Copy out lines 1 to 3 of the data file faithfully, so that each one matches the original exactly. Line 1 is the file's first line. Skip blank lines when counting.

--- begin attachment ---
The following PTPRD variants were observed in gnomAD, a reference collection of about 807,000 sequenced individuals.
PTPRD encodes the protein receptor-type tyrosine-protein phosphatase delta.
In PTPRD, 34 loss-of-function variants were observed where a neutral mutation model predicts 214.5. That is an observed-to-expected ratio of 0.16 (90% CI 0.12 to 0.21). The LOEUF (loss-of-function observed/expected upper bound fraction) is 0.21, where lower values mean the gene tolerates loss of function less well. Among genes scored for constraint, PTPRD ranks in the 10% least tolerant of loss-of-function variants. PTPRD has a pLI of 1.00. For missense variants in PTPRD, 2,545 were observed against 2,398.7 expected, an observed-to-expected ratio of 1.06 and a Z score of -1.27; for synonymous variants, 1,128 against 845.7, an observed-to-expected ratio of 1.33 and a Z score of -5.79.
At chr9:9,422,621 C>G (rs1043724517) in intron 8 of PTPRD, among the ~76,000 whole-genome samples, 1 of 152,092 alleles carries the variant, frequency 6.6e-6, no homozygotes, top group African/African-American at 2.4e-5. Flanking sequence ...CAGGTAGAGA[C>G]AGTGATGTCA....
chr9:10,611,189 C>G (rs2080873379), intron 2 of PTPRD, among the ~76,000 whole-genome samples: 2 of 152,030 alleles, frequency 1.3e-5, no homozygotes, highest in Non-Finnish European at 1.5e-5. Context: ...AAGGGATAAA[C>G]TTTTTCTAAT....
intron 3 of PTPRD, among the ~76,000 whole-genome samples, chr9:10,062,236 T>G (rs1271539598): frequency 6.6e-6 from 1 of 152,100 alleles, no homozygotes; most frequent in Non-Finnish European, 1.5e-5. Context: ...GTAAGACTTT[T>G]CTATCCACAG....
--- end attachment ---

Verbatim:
The following PTPRD variants were observed in gnomAD, a reference collection of about 807,000 sequenced individuals.
PTPRD encodes the protein receptor-type tyrosine-protein phosphatase delta.
In PTPRD, 34 loss-of-function variants were observed where a neutral mutation model predicts 214.5. That is an observed-to-expected ratio of 0.16 (90% CI 0.12 to 0.21). The LOEUF (loss-of-function observed/expected upper bound fraction) is 0.21, where lower values mean the gene tolerates loss of function less well. Among genes scored for constraint, PTPRD ranks in the 10% least tolerant of loss-of-function variants. PTPRD has a pLI of 1.00. For missense variants in PTPRD, 2,545 were observed against 2,398.7 expected, an observed-to-expected ratio of 1.06 and a Z score of -1.27; for synonymous variants, 1,128 against 845.7, an observed-to-expected ratio of 1.33 and a Z score of -5.79.